“Our mothers worry about us. They worry we will be discriminated against if we wear (the hijab),” says Oriakhel, who also says she wishes she could wear the hijab so she could show her devotion to Islam.

Since the terrorist attacks, Muslim parents worry more about their children. Safar says his parents tried to talk him out of coming to America despite his scholarship to come here because of fear of discrimination.

“Before 9/11 (in Saudi Arabia) everyone said: Who isn’t going to America? After, it was: Who is going to America?” said Safar.

“My mom asks me to call her even when I go to the grocery store now,” Belgasem said.

CLASSES

Huma Mehdi, a junior political science major, sits through a lot of classes like Security Policy and Current World Problems and said she finds the ignorance about her culture draining.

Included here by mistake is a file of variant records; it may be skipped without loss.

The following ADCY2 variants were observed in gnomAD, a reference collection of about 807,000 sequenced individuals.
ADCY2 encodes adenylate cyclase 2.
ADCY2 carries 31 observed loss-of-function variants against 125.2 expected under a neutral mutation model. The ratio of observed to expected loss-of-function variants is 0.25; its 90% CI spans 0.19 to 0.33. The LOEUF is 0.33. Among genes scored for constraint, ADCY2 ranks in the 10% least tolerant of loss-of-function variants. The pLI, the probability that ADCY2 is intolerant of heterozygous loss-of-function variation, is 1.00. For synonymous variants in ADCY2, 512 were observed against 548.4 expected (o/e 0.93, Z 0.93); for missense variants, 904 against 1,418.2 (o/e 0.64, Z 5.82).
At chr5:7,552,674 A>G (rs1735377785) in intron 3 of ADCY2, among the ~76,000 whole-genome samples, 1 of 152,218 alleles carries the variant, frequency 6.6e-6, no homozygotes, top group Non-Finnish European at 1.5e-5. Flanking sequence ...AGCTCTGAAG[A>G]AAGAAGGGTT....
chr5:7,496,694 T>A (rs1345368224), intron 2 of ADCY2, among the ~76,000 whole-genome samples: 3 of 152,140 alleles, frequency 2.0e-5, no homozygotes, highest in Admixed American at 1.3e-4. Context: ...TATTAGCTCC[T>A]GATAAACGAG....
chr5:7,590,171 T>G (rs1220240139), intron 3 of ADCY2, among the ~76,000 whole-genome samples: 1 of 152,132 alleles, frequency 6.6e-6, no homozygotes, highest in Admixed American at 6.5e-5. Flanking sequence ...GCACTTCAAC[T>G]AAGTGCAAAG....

“After 9/11 I felt obligated to always be defending the Muslim community, but that doesn’t really allow me to share my views,” said Mehdi. “People don’t understand that my views are not the same as all Muslims’ views.”

And Mehdi says, “Some people think I’m an Arab, and I’m not. I’m a Persian. It’s not my responsibility to keep up with what is going on in Saudi Arabia any more than it is theirs.”

This kind of misunderstanding of the Islamic culture is widespread and comes up with all of the women.

“People talk in those classes about war but they don’t know,” says Sahar who moved here from war-torn Afghanistan in 1992. “After living through war, you know what it is.”

Babak says she uses WebCT discussion boards to talk to people about political issues.

Belgasem avoids classes like Current World Problems. “All of the ‘problems’ they talk about in Current World Problems are about Muslims,” she says.

STEREOTYPES

All CSU staff and faculty were required to attend a workshop last summer that was facilitated by the Muslim Student Association. When people were asked to list the first things they thought about when they thought of Saudi Arabia, they listed terrorists, camels, oil, sexism and oppression, says Safar.